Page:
Dan Fogelman breaks down Randall and Kevin's sibling rivalry, Jack and Rebecca's relationship

By Dan Snierson
Updated November 15, 2016 at 12:00 PM EST
Credit: Ron Batzdorff/NBC

[SPOILER ALERT: This story contains plot details from Tuesday’s episode of This Is Us.]

There was plenty of confrontation. A little bit of temptation. And one dangerous revelation.

Tuesday’s episode of This Is Us transported us back to the mid-’90s, where things between Jack and Rebecca didn’t seem to be at their best —and the rivalry between Randall and Kevin was clearly at its worst. “The Best Washing Machine in the Whole World” explored another trying period for those married parents-of-three, Jack (Milo Ventimiglia) and Rebecca (Mandy Moore); this time their spark seemed dampened by the workaday demands of life, and they were preoccupied with professional opportunity (Jack with a deal at the office, Rebecca with an interest in revisiting a singing career that should be promising, based on her/Moore’s pipes). The end of the episode, with Moore staring at the family washing machine, wistfully reflecting on the different cycles of their lives together — the shared laughs and suds — left viewers wondering where exactly this relationship is headed. (Before Jack winds up in an urn, that is.)

While Jack and Rebecca struggled to connect, Randall (Sterling K. Brown) and Kevin (Justin Hartley) landed a few punches on each other. The episode drilled down on their painful sibling rivalry as we watched the brothers — one trying to fit in, the other feeling left out — grow further apart: Kevin distanced himself from Randall by relocating to the basement, rudely dismissing a peace offering of Pop Tarts and Yoo-hoo from Randall, before Randall finally lashed back on the football field. And in present day, their competitiveness and jealousy-stained relationship was on full display — Beth invokes a Cain-and-Abel analogy — resulting in an awkward dinner during which Kevin learned that Randall had never watched The Manny.They took their beef to the streets, where the new Manny was spotted in billboard form (oh, hello, Morris Chestnut!), old wounds were reopened, and the brothers then threw down in front of passers-by, including a celebrity (oh, hi, Seth Meyers!), making for Kevin’s second viral meltdown. The only salve for these injuries was a candid-yet-contrite conversation in the car and a late-night rerun of The Manny in Randall’s basement, to which Kevin had been relocated, fittingly enough.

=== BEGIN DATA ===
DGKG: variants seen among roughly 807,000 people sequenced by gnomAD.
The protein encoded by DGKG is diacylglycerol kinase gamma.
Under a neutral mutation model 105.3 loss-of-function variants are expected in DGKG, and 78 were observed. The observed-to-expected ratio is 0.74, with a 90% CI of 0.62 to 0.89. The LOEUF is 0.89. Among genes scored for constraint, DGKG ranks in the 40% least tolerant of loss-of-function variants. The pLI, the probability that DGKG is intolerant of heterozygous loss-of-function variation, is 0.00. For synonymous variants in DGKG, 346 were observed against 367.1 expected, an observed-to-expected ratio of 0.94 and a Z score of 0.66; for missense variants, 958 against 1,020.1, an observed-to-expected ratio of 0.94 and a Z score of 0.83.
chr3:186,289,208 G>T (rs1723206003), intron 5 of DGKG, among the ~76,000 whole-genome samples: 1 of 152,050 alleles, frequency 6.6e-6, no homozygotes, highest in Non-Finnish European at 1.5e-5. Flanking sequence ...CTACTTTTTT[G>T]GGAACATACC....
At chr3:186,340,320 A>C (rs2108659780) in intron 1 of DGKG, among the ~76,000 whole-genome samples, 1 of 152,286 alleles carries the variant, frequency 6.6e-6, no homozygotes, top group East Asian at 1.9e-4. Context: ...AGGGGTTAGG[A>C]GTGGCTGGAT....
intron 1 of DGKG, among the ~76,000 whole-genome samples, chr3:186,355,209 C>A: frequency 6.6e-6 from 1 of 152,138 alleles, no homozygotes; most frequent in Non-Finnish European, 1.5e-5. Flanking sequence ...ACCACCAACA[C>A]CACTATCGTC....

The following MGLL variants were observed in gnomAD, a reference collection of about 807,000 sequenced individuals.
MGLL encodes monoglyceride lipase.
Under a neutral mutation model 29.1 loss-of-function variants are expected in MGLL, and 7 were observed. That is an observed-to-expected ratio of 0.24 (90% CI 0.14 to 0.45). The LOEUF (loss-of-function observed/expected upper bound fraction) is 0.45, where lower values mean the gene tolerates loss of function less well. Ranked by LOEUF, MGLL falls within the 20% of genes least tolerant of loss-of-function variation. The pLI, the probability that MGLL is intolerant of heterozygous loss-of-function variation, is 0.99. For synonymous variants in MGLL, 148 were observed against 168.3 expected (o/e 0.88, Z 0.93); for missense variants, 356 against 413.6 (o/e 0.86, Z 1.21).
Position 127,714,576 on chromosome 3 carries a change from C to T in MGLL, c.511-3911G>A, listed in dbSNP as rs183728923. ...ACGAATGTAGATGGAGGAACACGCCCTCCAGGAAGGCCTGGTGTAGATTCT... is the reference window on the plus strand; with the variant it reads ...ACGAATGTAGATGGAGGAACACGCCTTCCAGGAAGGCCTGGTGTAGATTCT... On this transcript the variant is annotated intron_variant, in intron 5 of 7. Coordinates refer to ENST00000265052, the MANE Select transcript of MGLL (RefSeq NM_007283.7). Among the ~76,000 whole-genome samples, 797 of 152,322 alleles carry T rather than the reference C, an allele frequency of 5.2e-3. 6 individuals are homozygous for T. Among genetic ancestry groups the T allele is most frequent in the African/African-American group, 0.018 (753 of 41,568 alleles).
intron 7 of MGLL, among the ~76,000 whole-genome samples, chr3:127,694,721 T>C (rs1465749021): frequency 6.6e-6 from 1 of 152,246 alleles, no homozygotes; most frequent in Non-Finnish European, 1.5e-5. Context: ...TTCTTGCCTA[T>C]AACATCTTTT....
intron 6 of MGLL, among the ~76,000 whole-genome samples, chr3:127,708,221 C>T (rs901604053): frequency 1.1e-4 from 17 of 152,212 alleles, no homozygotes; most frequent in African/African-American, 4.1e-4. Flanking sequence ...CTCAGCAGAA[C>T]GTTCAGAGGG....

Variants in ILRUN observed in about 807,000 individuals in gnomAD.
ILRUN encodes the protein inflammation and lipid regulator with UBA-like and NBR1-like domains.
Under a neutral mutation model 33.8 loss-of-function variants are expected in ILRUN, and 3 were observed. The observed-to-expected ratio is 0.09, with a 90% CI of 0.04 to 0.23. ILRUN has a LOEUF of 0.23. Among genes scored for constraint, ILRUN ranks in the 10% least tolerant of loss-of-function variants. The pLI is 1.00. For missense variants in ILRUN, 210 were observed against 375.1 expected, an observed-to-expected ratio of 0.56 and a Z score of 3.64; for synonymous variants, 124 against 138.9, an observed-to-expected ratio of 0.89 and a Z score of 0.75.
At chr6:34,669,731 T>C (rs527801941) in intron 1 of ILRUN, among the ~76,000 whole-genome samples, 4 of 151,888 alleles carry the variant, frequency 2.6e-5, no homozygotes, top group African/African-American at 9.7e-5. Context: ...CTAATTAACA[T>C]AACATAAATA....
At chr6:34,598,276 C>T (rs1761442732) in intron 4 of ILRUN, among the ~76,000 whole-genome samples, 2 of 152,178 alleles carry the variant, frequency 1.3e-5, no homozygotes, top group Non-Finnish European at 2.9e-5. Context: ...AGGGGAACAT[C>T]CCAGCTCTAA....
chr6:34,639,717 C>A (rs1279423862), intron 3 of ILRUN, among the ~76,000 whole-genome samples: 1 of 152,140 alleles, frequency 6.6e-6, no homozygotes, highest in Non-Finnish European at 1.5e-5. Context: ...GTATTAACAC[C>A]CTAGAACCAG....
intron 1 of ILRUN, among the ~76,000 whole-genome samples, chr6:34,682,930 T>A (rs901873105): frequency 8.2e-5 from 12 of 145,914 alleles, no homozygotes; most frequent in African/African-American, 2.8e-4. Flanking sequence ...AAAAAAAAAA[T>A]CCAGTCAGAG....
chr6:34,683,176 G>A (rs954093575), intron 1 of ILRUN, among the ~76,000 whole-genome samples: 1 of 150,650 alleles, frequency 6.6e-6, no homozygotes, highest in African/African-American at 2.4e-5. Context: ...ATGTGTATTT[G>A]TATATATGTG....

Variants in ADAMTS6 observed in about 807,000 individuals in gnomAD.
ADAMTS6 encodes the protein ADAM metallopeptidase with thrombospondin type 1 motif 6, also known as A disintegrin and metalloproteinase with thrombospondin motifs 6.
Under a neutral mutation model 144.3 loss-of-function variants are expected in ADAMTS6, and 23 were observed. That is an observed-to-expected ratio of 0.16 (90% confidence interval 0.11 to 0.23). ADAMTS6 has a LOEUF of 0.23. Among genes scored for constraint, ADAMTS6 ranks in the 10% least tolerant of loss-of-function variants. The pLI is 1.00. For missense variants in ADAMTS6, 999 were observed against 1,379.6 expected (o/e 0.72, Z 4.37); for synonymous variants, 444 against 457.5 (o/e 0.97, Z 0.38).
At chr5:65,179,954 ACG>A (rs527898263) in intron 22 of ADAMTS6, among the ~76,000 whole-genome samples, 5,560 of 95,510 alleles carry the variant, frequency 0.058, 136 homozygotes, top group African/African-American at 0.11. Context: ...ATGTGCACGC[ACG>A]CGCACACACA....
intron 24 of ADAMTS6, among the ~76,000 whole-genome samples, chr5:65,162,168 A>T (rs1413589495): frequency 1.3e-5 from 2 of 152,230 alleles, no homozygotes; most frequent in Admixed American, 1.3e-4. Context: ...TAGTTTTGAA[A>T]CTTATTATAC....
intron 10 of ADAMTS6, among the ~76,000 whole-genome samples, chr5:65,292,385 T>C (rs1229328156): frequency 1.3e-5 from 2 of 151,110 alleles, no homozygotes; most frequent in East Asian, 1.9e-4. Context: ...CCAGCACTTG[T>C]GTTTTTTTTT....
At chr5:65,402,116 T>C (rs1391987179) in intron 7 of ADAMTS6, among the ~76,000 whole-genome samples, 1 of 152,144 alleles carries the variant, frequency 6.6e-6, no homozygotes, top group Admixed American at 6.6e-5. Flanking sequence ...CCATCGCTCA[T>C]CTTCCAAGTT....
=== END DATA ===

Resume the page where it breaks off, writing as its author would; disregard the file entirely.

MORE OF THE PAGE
Speaking of pain, Beth (Susan Kelechi Watson) whipped up a batch of magic brownies to help William (Ron Cephas Jones) manage his debilitating chemo side effects. The final chunks of the wall between William and Beth came crumbling down as they recited a Dudley Randall poem… until William let slip that he had given that book of Randall’s poems to Rebecca, exposing Rebecca’s secret that she has known William for all these years and that she had lied to Randall. After William pleaded with Beth not to tell Randall — fearing that it would break his bond with his mother — Beth left an urgent voicemail for her. Cue: The red flare of bombs that are surely to come.